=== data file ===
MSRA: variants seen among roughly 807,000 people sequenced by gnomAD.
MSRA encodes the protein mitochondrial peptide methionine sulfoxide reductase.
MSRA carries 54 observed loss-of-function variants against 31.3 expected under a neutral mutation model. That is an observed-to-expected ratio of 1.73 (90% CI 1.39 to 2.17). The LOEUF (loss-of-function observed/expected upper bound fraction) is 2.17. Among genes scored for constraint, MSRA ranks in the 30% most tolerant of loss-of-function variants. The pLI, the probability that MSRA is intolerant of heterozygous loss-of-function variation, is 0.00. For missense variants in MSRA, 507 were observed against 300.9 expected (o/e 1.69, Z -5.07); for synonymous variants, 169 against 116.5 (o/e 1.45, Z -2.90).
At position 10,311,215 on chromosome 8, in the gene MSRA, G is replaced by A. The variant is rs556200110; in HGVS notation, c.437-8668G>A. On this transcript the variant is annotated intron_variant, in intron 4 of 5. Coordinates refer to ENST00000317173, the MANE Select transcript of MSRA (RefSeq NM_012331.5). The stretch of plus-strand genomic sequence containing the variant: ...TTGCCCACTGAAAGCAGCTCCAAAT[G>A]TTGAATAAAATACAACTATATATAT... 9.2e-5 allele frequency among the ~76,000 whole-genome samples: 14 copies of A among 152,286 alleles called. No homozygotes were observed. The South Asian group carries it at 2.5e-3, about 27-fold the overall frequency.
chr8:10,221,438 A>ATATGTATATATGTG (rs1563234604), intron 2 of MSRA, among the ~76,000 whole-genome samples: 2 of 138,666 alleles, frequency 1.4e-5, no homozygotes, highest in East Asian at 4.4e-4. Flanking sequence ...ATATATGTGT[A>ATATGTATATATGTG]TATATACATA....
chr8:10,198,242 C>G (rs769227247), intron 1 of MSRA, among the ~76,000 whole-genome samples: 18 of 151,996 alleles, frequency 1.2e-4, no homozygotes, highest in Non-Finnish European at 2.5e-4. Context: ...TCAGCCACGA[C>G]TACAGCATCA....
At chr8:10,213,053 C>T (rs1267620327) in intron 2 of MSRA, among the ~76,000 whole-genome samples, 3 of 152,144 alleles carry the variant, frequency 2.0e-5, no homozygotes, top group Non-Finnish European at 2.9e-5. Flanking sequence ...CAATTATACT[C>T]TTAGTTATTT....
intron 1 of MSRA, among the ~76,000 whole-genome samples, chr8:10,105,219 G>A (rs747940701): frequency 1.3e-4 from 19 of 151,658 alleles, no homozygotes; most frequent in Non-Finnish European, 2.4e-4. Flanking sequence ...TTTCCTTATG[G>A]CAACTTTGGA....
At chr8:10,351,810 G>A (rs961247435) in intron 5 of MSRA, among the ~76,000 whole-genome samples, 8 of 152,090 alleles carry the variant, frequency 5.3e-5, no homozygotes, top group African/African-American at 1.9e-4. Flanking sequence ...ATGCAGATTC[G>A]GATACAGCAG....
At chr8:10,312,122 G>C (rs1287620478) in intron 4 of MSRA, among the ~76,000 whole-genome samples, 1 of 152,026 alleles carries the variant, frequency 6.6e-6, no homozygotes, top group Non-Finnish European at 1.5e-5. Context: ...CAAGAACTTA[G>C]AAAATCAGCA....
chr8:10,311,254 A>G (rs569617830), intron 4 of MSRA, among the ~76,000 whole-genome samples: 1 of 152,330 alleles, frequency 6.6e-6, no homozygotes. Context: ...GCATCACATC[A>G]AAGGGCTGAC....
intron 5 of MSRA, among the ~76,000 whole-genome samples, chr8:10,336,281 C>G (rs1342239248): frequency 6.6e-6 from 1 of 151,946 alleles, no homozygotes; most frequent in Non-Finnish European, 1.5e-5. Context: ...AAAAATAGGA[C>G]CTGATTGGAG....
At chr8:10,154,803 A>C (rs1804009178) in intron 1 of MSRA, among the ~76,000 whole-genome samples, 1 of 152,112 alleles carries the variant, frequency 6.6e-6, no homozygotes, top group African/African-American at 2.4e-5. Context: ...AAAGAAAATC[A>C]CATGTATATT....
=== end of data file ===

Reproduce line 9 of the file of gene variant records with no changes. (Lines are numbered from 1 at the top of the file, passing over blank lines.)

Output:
At chr8:10,351,810 G>A (rs961247435) in intron 5 of MSRA, among the ~76,000 whole-genome samples, 8 of 152,090 alleles carry the variant, frequency 5.3e-5, no homozygotes, top group African/African-American at 1.9e-4. Flanking sequence ...ATGCAGATTC[G>A]GATACAGCAG....